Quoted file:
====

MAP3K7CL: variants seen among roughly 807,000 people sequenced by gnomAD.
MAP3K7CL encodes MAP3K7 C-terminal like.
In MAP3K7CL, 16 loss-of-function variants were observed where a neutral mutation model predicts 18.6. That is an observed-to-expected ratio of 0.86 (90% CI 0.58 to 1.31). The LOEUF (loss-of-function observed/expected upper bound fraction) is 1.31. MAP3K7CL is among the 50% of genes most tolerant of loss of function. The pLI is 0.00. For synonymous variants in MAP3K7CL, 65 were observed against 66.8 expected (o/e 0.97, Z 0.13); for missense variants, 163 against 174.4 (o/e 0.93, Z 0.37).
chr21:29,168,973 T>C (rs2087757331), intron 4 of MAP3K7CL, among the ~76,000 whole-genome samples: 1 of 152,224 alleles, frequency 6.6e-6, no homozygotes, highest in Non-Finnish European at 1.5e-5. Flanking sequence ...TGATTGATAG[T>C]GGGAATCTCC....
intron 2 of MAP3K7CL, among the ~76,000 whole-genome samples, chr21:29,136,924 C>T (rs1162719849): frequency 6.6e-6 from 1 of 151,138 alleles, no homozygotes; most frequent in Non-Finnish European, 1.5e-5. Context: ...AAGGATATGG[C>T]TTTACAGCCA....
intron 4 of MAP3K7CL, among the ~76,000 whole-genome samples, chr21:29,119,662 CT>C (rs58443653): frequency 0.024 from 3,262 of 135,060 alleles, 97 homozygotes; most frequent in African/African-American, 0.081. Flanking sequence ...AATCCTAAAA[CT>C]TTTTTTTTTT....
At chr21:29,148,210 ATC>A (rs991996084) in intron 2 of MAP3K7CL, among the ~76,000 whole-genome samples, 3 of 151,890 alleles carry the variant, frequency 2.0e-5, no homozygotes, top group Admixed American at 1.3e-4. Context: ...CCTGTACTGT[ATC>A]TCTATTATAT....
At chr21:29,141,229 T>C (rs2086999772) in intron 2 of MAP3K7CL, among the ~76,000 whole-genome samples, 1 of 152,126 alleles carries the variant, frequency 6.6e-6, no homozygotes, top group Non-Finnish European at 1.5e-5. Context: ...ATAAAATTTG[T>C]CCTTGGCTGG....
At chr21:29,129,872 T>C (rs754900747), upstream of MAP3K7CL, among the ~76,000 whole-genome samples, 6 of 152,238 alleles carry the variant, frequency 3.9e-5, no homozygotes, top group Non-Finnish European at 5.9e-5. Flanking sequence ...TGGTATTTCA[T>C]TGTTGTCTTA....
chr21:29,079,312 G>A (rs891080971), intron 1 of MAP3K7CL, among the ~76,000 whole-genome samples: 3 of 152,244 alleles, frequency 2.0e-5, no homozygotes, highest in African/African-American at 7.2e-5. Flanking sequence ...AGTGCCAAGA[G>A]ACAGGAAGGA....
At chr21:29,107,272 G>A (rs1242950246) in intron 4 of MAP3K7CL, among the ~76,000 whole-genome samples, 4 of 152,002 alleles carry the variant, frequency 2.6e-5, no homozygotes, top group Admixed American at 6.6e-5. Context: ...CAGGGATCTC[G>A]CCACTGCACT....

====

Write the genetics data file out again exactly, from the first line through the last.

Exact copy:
MAP3K7CL: variants seen among roughly 807,000 people sequenced by gnomAD.
MAP3K7CL encodes MAP3K7 C-terminal like.
In MAP3K7CL, 16 loss-of-function variants were observed where a neutral mutation model predicts 18.6. That is an observed-to-expected ratio of 0.86 (90% CI 0.58 to 1.31). The LOEUF (loss-of-function observed/expected upper bound fraction) is 1.31. MAP3K7CL is among the 50% of genes most tolerant of loss of function. The pLI is 0.00. For synonymous variants in MAP3K7CL, 65 were observed against 66.8 expected (o/e 0.97, Z 0.13); for missense variants, 163 against 174.4 (o/e 0.93, Z 0.37).
chr21:29,168,973 T>C (rs2087757331), intron 4 of MAP3K7CL, among the ~76,000 whole-genome samples: 1 of 152,224 alleles, frequency 6.6e-6, no homozygotes, highest in Non-Finnish European at 1.5e-5. Flanking sequence ...TGATTGATAG[T>C]GGGAATCTCC....
intron 2 of MAP3K7CL, among the ~76,000 whole-genome samples, chr21:29,136,924 C>T (rs1162719849): frequency 6.6e-6 from 1 of 151,138 alleles, no homozygotes; most frequent in Non-Finnish European, 1.5e-5. Context: ...AAGGATATGG[C>T]TTTACAGCCA....
intron 4 of MAP3K7CL, among the ~76,000 whole-genome samples, chr21:29,119,662 CT>C (rs58443653): frequency 0.024 from 3,262 of 135,060 alleles, 97 homozygotes; most frequent in African/African-American, 0.081. Flanking sequence ...AATCCTAAAA[CT>C]TTTTTTTTTT....
At chr21:29,148,210 ATC>A (rs991996084) in intron 2 of MAP3K7CL, among the ~76,000 whole-genome samples, 3 of 151,890 alleles carry the variant, frequency 2.0e-5, no homozygotes, top group Admixed American at 1.3e-4. Context: ...CCTGTACTGT[ATC>A]TCTATTATAT....
At chr21:29,141,229 T>C (rs2086999772) in intron 2 of MAP3K7CL, among the ~76,000 whole-genome samples, 1 of 152,126 alleles carries the variant, frequency 6.6e-6, no homozygotes, top group Non-Finnish European at 1.5e-5. Context: ...ATAAAATTTG[T>C]CCTTGGCTGG....
At chr21:29,129,872 T>C (rs754900747), upstream of MAP3K7CL, among the ~76,000 whole-genome samples, 6 of 152,238 alleles carry the variant, frequency 3.9e-5, no homozygotes, top group Non-Finnish European at 5.9e-5. Flanking sequence ...TGGTATTTCA[T>C]TGTTGTCTTA....
chr21:29,079,312 G>A (rs891080971), intron 1 of MAP3K7CL, among the ~76,000 whole-genome samples: 3 of 152,244 alleles, frequency 2.0e-5, no homozygotes, highest in African/African-American at 7.2e-5. Flanking sequence ...AGTGCCAAGA[G>A]ACAGGAAGGA....
At chr21:29,107,272 G>A (rs1242950246) in intron 4 of MAP3K7CL, among the ~76,000 whole-genome samples, 4 of 152,002 alleles carry the variant, frequency 2.6e-5, no homozygotes, top group Admixed American at 6.6e-5. Context: ...CAGGGATCTC[G>A]CCACTGCACT....